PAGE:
For the Love of Gord

(Editor’s note- It’s been a while since I posted on the blog after my announcement about my work with the Omaha Lancers. I’ve thought of ways to re-engage, but could never quite get the topics right, and the last thing I want to do is confuse people by posting subjects that lead folks to believe I’m still in the covering the Boston Bruins and prospects biz. So, when I got the news of Gord Downie’s passing, I believed that there was no better way or platform for me to pay tribute to the man and band. So, here it is- probably nowhere near the best thing you’ll read about the Hip on this tragic day, but it’s from the heart. Make no mistake- I am a proud American, but Canada owns a near and dear place in my heart- always has, always will. Thanks for returning and reading…-KL)

I love Canada.

Three simple words, and yet I struggle to convey the extent of how true they are in the aftermath of singer/songwriter/Canadian icon Gord Downie’s passing.  The man who made song called “Courage” famous,  finally succumbed on Tuesday night to his long bout with brain cancer at the age of 53. The band released a statement today and those of us who loved the Hip are now left to deal with the emotions of news that was expected, yet unexpected, in that nothing really completely prepares you for that moment when you have to make a final goodbye.

It makes sense that I would be a fan of the proud Kingston, Ontario-native rock band The Tragically Hip because, after all, the band’s frontman is Harry Sinden’s godson and a lifelong Boston Bruins supporter. But no, I liked the Hip long before I learned of that neat connection, not to mention that Mr. Downie was once a pretty decent hockey goalie before he traded in the pads for a guitar and chance to transcend the aspect of being a simple entertainer- be it a professional athlete or musician- by becoming one with the social fabric of Canada.

Go ahead and try to find a Canadian who doesn’t at least have a passing knowledge of Gord and the Hip- I’m not saying they’re not out there, but good luck finding someone in that great country to our north who hasn’t at least been touched in some way, shape or form by the Hip’s music, or who is completely unable to recognize Downie’s signature lyrical stylings and vocal sound. There aren’t many entertainment acts or entities that can claim as much of a nation’s identity and conscience as The Tragically Hip, in the embodiment of Gord Downie, can.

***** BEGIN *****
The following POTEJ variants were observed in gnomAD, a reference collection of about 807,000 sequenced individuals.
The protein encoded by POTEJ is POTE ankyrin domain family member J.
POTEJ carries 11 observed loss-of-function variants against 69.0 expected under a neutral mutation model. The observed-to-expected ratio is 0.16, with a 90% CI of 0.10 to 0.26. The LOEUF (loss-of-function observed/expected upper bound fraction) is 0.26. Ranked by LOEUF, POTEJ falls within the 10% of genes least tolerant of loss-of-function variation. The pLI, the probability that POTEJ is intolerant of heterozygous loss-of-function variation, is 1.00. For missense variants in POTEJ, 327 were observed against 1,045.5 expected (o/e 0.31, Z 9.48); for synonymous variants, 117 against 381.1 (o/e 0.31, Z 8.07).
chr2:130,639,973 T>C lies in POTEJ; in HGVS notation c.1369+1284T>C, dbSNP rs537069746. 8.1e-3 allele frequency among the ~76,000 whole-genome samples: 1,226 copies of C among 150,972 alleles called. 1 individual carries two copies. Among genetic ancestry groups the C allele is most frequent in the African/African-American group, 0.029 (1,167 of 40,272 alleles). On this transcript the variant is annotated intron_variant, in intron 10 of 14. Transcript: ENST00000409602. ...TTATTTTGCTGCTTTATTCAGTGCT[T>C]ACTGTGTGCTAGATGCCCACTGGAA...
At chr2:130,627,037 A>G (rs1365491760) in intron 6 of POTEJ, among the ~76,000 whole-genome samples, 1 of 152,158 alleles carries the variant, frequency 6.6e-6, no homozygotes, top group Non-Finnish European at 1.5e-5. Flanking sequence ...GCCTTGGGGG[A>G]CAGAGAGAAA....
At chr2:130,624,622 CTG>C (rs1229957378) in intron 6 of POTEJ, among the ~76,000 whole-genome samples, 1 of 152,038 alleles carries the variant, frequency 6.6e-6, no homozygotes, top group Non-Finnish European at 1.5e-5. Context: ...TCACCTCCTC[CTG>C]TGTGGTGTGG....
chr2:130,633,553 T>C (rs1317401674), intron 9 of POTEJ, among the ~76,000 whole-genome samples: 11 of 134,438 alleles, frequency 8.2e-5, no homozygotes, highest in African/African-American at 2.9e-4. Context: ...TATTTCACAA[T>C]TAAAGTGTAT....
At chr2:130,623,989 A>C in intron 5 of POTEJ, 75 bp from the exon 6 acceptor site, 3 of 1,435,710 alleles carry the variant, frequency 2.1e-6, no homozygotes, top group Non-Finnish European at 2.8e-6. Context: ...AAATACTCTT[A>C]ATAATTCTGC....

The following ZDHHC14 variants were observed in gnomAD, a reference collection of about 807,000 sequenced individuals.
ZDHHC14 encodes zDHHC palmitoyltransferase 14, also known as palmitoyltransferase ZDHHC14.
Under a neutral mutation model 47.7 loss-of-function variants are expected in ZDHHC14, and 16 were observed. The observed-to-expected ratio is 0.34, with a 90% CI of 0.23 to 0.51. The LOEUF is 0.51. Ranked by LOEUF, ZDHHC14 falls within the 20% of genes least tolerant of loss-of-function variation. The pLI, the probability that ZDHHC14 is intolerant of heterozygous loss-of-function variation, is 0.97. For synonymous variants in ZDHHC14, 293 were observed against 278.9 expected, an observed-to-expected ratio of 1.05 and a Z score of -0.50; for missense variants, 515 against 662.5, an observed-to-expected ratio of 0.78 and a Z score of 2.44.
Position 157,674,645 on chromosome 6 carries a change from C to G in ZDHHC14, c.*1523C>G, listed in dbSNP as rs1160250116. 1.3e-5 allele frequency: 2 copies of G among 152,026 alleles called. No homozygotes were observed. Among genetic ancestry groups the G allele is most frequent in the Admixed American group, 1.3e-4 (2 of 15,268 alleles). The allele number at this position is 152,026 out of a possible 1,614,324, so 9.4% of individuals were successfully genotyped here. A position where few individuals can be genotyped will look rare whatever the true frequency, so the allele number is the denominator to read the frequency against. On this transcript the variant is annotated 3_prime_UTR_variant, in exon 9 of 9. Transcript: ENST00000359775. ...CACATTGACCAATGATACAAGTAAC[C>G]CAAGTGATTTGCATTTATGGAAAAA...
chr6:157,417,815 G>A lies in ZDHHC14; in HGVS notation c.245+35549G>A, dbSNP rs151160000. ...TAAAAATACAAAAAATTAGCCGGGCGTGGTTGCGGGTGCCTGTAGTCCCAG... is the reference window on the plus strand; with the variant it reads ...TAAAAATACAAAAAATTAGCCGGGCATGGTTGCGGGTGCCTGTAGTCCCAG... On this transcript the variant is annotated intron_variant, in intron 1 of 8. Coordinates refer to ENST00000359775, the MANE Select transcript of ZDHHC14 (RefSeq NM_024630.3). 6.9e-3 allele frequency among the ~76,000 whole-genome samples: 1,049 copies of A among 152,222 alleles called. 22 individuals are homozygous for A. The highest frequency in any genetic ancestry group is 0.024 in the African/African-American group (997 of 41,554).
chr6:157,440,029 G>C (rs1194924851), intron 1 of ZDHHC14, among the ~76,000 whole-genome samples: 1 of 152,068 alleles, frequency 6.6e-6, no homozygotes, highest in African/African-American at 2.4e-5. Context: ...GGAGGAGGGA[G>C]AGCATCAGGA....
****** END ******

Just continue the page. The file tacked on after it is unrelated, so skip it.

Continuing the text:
I once read that the Hip was the greatest band to never make it in the United States and I agree with the assessment, especially with the fundamental conclusion that Downie and Co. were simply too Canadian to make the kind of impact in the U.S., and that die-hard fans and proud Canadians are perfectly happy with that. You know what? I agree- screw America on this one (those obvious enlightened ones like yours truly aside of course)- their loss is Canada’s gain because the uniqueness of this band and the way that so many of their songs speak directly to citizens of that fine nation is something that few American bands, with so much diversity and polarization across the 50 states, can even come close to claiming.

It is probably with no small coincidence and dare I say- tragedy– that the passing of both Downie and American rocker Tom Petty came so close to one another because the two are similar in that if there are some U.S. musicians out there who earned the love and passion of a wide and diverse listening audience the way the Hip were able to do in Canada- it is one Tom Petty. Sure, Downie’s passing won’t generate nearly as much attention or news stories as that of Petty, and Prince and David Bowie earlier in 2016. But, for those who knew and loved the Hip, Downie’s loss, though not sudden and unexpected the way Petty and Prince left us, leaves no less of a gaping hole in our musical souls.